The Synodical Year of Venus ¦ Venus Moves Irregularly • Venus Becomes the Morning Star 

Chapter 1 - 207
Amos • The Year —747 • Isaiah • The Argive Tyrants • Again Isaiah • Maimonides and Spinoza, the Exegetes
Chapter 2 - 227
The Year - 687 • Ignis e Coelo • March 23rd • The Worship of Mars • Mars Moves the Earth from Its Pivot
Chapter 3 - 244
What Caused Venus and Mars to Shift Their Orbits?' When Was the Iliad Created? •
Huitzilopochtli • Tao • Yuddha • The Bundahis • Lucifer Cut Down
Chapter 4 - 261
Sword-God • Fenris-Wolf • Sword-Time, Wolf-Time • Syn-odos • The Stormer of the Walls
Chapter 5 - 279
The Steeds of Mars* The Terrible Ones-Samples from the Planets • The Archangels • Planet
Worship in Judea in the Seventh Century
Chapter 6 - 298
A Collective Amnesia • Folklore • Of "Preexisting Ideas" in the Souls of Peoples • The Pageants
of the Sky • The Subjective Interpretation of the Events and Their Authenticity
Chapter 7 -
Poles Uprooted • Temples and Obelisks-The Shadow Clock-The Water Clock-A Hemisphere Travels Southward
Chapter 8 - 330
The Year of 360 Days • Disarranged Months • Years of Ten Months • The Reforming of the Calendar
Chapter 9 - 360
The Moon and Its Craters • The Planet Mars • The Atmosphere of Mars • The Thermal Balance
of Mars • The Gases of Venus • The Thermal Balance of Venus • The End

Facing Many Problems - 379
Index 391 — -----""--------- PROLOGUE

CHAPTER 1 In an Immense Universe
Quota pars opens tanti nobis committitur?
IN AN immense universe a little globe revolves around a star; it is the third in the row—
Mercury, Venus, Earth—of the planetary family. It is of a solid core covered over most of its
surface with liquid, and it has a gaseous envelope. Living creatures fill the liquid; other living
creatures fly in the gas; and still others creep and walk upon the ground on the bottom of the
gaseous ocean. Man, a being of erect stature, thinks himself the prince of creation. He felt like
this long before he, by his own efforts, came to know how to fly on wings of metal around the
globe. He felt godlike long before he could talk to his fellow-man on the other side of the globe.
Today he can see the microcosm in a drop and the elements in the stars. He knows the laws
governing the living cell with its chromosomes, and the laws governing the macrocosm of the
sun, moon, planets, and stars. He assumes that gravitation keeps the planetary system together,
man and beast on their planet, the sea within its borders. For millions and millions of years, he
maintains, the planets have rolled along on the same paths, and their moons around them, and
man in these eons has arisen from a one-cell infusorium all the long way up the ladder to his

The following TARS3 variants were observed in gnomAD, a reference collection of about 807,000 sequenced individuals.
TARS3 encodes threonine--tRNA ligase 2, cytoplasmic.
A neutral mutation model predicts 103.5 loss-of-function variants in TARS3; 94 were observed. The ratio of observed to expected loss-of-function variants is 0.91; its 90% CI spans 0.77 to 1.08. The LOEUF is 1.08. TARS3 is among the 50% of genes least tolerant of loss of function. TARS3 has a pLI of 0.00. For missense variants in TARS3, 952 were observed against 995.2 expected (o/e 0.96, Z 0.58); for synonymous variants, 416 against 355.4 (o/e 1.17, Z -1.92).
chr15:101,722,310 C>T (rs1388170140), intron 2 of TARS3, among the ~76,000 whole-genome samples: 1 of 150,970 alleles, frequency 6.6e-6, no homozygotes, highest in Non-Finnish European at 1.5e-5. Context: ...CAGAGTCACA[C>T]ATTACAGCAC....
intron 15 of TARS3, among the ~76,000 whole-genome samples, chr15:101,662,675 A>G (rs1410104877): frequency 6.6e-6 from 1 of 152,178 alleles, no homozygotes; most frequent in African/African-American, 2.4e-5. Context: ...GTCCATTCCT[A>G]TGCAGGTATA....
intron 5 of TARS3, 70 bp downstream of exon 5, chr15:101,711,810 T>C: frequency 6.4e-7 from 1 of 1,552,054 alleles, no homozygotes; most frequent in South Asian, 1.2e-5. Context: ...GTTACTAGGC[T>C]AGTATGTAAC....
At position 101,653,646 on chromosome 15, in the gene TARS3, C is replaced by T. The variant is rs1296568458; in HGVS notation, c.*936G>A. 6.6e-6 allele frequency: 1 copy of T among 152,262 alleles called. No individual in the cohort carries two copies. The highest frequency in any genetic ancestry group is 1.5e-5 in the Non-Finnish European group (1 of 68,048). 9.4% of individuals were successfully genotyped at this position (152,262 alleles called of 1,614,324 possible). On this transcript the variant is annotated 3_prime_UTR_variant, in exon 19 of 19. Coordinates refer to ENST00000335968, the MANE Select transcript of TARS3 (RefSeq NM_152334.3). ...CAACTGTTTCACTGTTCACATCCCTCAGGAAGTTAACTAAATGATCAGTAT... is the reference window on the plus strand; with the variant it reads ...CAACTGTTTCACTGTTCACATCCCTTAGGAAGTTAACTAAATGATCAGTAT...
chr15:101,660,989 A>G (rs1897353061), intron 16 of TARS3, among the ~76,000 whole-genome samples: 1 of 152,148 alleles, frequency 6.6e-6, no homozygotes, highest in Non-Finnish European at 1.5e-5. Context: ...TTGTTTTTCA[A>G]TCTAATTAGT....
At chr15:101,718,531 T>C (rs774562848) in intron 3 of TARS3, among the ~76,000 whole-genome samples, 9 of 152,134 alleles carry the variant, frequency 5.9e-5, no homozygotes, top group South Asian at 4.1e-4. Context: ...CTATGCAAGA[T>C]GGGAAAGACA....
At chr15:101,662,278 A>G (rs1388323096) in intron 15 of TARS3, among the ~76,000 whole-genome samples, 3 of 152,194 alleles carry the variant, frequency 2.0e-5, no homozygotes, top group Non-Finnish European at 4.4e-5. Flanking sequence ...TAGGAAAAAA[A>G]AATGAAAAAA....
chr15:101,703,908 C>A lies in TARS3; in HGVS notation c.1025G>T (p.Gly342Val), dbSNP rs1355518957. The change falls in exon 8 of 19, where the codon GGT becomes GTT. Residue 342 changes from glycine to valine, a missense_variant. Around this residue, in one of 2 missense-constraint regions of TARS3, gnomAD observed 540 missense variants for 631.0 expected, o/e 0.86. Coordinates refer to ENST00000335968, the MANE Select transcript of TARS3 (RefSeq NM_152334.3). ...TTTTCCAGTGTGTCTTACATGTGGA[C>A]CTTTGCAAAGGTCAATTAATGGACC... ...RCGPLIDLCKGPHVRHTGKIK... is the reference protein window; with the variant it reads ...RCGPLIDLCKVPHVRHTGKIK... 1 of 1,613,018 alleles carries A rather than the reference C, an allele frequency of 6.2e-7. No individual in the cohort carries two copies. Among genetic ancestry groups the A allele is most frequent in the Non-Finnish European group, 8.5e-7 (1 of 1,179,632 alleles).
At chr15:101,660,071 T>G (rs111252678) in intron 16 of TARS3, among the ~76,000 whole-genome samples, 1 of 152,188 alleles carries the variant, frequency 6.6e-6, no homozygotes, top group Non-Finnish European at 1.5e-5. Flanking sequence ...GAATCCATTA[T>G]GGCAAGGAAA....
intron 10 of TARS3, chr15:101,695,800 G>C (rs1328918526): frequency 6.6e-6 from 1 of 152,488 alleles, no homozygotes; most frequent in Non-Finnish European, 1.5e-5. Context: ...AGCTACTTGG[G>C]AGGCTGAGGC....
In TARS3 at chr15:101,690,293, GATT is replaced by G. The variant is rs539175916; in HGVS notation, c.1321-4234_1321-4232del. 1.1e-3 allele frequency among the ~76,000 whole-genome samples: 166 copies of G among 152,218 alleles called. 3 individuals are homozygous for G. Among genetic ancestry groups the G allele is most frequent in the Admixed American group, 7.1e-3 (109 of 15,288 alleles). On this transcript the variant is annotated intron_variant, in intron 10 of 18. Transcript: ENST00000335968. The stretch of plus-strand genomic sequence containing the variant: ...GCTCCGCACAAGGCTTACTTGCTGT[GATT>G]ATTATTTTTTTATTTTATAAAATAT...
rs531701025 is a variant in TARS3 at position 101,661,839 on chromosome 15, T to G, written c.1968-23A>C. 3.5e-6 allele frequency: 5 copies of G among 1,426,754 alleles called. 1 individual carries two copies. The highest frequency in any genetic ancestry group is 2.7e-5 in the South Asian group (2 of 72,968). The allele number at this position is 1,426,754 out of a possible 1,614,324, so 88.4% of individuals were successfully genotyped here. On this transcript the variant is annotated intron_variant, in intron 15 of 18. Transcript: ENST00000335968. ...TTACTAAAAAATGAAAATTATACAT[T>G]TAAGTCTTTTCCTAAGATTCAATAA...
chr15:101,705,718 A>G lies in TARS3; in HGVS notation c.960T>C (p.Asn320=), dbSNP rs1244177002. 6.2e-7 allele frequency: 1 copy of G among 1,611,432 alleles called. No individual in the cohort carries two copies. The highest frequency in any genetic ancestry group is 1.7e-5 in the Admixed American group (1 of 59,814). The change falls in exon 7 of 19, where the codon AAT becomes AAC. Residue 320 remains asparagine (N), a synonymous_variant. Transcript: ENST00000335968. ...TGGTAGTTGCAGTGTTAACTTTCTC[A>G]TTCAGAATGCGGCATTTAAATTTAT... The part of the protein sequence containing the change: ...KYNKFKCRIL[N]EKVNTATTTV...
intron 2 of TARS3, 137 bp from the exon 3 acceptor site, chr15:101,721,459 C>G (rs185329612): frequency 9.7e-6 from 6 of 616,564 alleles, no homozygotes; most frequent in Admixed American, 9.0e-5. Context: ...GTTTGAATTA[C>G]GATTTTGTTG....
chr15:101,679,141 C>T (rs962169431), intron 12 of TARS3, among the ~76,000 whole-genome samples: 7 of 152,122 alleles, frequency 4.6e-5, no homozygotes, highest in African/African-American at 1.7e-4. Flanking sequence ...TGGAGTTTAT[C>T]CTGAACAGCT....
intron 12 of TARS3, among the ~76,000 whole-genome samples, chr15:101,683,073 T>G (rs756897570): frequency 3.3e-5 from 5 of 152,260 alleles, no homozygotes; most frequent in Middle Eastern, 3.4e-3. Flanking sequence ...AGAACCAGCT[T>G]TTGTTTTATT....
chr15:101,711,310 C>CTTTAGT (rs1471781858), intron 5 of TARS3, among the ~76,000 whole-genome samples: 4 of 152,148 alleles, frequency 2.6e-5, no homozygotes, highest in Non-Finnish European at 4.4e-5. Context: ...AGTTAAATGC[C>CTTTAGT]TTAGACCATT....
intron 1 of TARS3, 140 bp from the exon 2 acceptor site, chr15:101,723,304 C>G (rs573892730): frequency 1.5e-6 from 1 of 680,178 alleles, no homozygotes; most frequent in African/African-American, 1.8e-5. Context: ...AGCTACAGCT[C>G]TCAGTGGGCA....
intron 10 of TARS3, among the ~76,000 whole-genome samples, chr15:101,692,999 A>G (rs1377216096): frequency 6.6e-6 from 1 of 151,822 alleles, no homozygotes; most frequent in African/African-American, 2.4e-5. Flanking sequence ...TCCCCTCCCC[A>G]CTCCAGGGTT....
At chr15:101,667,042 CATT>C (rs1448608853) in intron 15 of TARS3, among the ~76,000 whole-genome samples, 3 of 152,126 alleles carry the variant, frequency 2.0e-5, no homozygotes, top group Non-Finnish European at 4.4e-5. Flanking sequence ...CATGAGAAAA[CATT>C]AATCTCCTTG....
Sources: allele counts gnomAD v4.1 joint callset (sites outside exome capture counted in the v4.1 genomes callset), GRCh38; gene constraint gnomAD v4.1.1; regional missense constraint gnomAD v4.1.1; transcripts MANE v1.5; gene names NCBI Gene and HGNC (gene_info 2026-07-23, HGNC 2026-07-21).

status of Homo sapiens.
Is man's knowledge now nearly complete? Are only a few more steps necessary to conquer the
universe: to extract the energy of

the atom—since these pages were written this has already been done —to cure cancer, to control
genetics, to communicate with other planets and learn if they have living creatures, too?
Here begins Homo ignoramus. He does not know what life is or how it came to be and whether it
originated from inorganic matter. He does not know whether other planets of this sun or of other
suns have life on them, and if they have, whether the forms of life there are like those around us,
ourselves included. He does not know how this solar system came into being, although he has
built up a few hypotheses about it. He knows only that the solar system was constructed billions
of years ago. He does not know what this mysterious force of gravitation is that holds him and
his fellow man on the other side of the planet with their feet on the ground, although he regards
the phenomenon itself as "the law of laws." He does not know what the earth looks like five
miles under his feet. He does not know how mountains came into existence or what caused the
emergence of the continents, although he builds hypotheses about these, nor does he know from
where oil came— again hypotheses. He does not know why, only a short time ago, a thick
glacial sheet pressed upon most of Europe and North America, as he believes it did; nor how
palms could grow above the polar circle, nor how it came about that the same fauna fill the inner
lakes of the Old and the New World. He does not know where the salt in the sea came from.
Although man knows that he has lived on this planet for millions of years, he finds a recorded
history of only a few thousand years. And even these few thousand years are not sufficiently well
Why did the Bronze Age precede the Iron Age even though iron is more widely distributed over
the world and its manufacture is simpler than that of the alloy of copper and tin? By what
mechanical means were structures of immense blocks built on the high mountains of the Andes?